DURING the Portuguese era, thanks to the low rates of taxation, alcohol was relatively cheap. Since in the ‘50s and ‘60s with prohibition in the then Bombay province, there was an active smuggling of liquor from Goa to “independent India.” Certain Goan business families owe their initial wealth to the smuggling syndicates organized by their ancestors. Among the elite families, most dinner parties would not be complete without a bottle of Port wine — the Portuguese wine from Opporto.
Interestingly, this Goan custom of drinking Port wine at dinner is no longer in fashion, probably due to the fact that Port is not easily available. Today Indian or foreign wines are common in wealthy, elite families. Interestingly, feni was not considered an appropriate drink at these “high tables.”
At most Goan villages in that era, the taverna or what is known today as the bar, would be an important place for the villagers to congregate after their evening work. This was the meeting place where men would sit with their friends over a glass of feni to discuss the day’s events, the price of fish and in general what was happening in the world.
Several decades ago, I remember being in one taverna – this was the time when the then Prime Minister Morajee was expounding his urine therapy while advocating prohibition. I remember one of the villagers who remarked “Let him drink his urine, but leave us to drink our feni – each man to his own poison.” I cannot help but remember these rural words of wisdom which I had heard!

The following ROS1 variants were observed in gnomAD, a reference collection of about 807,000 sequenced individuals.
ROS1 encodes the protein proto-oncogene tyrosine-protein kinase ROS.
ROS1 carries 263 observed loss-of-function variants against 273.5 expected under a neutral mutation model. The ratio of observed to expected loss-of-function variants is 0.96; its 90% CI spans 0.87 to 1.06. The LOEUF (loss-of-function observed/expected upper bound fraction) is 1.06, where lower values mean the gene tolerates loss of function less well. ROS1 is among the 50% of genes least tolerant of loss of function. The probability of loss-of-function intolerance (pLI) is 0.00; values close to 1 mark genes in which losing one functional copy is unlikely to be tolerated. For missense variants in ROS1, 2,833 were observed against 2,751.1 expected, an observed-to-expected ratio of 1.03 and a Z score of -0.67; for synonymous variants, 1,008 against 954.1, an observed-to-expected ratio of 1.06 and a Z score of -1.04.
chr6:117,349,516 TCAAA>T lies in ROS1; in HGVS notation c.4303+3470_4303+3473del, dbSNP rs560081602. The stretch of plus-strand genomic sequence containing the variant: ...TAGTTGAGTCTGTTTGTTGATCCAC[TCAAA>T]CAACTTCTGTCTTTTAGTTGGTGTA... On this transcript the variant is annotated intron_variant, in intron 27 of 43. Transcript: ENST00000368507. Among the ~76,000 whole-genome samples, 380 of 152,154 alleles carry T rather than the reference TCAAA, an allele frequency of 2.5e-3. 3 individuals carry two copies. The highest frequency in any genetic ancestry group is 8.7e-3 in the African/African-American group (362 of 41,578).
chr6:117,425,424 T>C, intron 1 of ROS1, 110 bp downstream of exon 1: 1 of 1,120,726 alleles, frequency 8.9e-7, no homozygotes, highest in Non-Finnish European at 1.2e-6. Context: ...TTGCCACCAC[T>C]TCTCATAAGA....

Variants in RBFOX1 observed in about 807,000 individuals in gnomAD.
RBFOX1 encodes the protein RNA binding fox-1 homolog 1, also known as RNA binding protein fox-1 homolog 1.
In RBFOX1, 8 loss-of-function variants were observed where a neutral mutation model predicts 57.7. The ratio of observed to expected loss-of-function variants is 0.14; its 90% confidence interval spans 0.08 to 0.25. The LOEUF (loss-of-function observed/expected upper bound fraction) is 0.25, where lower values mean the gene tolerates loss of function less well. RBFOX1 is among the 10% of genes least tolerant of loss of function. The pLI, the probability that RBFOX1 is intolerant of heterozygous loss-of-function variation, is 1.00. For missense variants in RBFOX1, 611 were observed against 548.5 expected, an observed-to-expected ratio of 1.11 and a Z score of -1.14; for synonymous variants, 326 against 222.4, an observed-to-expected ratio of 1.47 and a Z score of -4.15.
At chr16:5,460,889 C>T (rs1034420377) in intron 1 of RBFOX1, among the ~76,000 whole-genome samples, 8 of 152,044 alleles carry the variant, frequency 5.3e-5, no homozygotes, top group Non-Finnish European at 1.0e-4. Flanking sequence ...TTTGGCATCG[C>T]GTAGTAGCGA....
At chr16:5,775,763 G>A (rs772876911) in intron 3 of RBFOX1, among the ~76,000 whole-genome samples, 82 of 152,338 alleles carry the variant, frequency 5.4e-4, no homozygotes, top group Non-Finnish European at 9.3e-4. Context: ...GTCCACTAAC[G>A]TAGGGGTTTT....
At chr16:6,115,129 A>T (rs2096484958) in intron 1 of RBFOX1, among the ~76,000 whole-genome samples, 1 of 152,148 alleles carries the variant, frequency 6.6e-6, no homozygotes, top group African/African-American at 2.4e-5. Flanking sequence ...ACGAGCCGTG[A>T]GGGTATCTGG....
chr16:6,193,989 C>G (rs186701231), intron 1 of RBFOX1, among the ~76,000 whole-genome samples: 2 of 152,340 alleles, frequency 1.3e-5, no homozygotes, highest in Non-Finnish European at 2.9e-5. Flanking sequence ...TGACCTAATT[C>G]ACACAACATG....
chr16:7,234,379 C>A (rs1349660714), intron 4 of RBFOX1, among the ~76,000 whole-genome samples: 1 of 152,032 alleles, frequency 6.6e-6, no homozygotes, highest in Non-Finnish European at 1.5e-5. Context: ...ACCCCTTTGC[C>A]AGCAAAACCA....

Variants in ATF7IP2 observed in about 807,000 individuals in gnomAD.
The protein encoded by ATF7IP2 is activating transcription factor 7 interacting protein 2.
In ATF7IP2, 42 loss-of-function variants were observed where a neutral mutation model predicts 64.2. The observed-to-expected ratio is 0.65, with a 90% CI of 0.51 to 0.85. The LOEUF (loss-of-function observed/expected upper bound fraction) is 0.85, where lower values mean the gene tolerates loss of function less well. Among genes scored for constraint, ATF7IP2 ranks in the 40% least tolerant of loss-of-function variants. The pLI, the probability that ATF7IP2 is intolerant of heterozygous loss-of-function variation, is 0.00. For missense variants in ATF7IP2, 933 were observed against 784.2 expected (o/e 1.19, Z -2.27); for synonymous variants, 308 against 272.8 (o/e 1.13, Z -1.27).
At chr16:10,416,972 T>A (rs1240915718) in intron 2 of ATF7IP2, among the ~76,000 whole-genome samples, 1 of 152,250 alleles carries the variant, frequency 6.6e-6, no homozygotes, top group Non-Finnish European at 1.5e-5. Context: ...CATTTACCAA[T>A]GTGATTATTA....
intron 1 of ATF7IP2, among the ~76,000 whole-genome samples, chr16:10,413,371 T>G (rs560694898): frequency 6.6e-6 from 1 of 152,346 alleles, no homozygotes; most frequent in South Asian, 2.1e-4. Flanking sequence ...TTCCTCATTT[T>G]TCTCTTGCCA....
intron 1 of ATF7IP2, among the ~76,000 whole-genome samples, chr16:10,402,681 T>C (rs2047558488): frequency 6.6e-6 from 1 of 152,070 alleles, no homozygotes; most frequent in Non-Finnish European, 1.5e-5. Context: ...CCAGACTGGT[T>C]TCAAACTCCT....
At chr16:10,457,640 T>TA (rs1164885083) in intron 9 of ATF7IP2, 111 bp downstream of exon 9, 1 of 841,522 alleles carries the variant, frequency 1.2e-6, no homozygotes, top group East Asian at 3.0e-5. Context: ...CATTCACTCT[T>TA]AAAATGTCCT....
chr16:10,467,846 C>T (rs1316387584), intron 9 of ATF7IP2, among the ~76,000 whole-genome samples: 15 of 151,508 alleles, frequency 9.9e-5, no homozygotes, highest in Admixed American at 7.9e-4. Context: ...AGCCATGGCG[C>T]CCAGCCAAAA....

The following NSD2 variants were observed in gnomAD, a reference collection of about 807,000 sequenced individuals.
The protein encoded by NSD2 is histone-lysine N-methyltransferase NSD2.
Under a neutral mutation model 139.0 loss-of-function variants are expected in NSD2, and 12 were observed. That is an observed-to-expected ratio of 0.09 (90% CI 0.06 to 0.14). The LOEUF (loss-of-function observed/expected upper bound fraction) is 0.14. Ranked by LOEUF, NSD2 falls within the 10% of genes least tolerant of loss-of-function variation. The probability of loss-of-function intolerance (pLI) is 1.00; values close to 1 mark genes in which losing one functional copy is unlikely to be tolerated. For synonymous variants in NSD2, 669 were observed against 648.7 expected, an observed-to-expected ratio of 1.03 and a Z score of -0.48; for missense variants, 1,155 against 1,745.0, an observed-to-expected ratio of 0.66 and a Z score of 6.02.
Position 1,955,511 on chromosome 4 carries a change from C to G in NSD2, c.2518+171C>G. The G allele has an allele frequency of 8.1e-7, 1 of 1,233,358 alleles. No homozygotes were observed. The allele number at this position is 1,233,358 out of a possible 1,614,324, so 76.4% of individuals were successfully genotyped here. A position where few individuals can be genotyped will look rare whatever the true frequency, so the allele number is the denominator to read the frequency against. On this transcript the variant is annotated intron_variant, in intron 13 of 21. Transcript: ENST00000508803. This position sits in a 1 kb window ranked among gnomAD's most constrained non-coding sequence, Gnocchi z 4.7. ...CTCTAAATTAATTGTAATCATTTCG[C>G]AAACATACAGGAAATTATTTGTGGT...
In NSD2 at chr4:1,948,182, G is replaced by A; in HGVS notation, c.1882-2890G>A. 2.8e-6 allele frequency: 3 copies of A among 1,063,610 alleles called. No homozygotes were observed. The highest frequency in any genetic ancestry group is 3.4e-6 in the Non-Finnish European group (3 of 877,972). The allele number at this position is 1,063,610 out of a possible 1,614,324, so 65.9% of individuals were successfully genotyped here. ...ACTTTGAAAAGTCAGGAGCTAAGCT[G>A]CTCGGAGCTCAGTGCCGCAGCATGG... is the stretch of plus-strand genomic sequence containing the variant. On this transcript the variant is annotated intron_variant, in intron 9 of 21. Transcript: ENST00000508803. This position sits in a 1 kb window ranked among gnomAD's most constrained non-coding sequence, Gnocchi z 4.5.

BARS still continue to proliferate in Goa — travel by road into Goa from Sawantwadi in south Maharashtra or from coastal Karwar on the Karnataka-Goa border, while entering your first Goan village you will spot a wine shop or a taverna. In fact, most tourists leaving Goa ensure that their bags are packed with a bottle or two of liquor, since taxes even today on liquor are lower than in the neighboring states.
While the lowly village tavernas continue to draw their local patrons, many of the bars in the towns and cities have become sophisticated imbibing places offering a variety of exotic cocktails as well as branded foreign liquor. Most restaurants also serve liquor since many like to have a drink with their food.
Interestingly, alcohol was even served on the beach, until the government in 2019 started imposing a fine on public drinking and especially on beaches. Recently, the government of Goa was planning to allow liquor to be served on Goan beaches in certain designated areas. For in the mind of most tourists, especially male tourists, drinking liquor is part of recreation and for many travelling in Goa drinking good liquor is one of the joys of being in Goa! Goa has a liberal attitude when it comes to drinking liquor at the table or in the evening when family or friends may drop by for a celebration or some occasion.
It is this easygoing attitude and relationship with drinking a wide variety of liquor which make Goa the ideal celebration destination. Goans drink at home routinely and even for young adults in the family it is not perceived as a taboo. Liberal drinking makes this little state of Goa an attractive tourist destination and its beauty and good food, good liquor and friendly people attract tourists from the world over including India.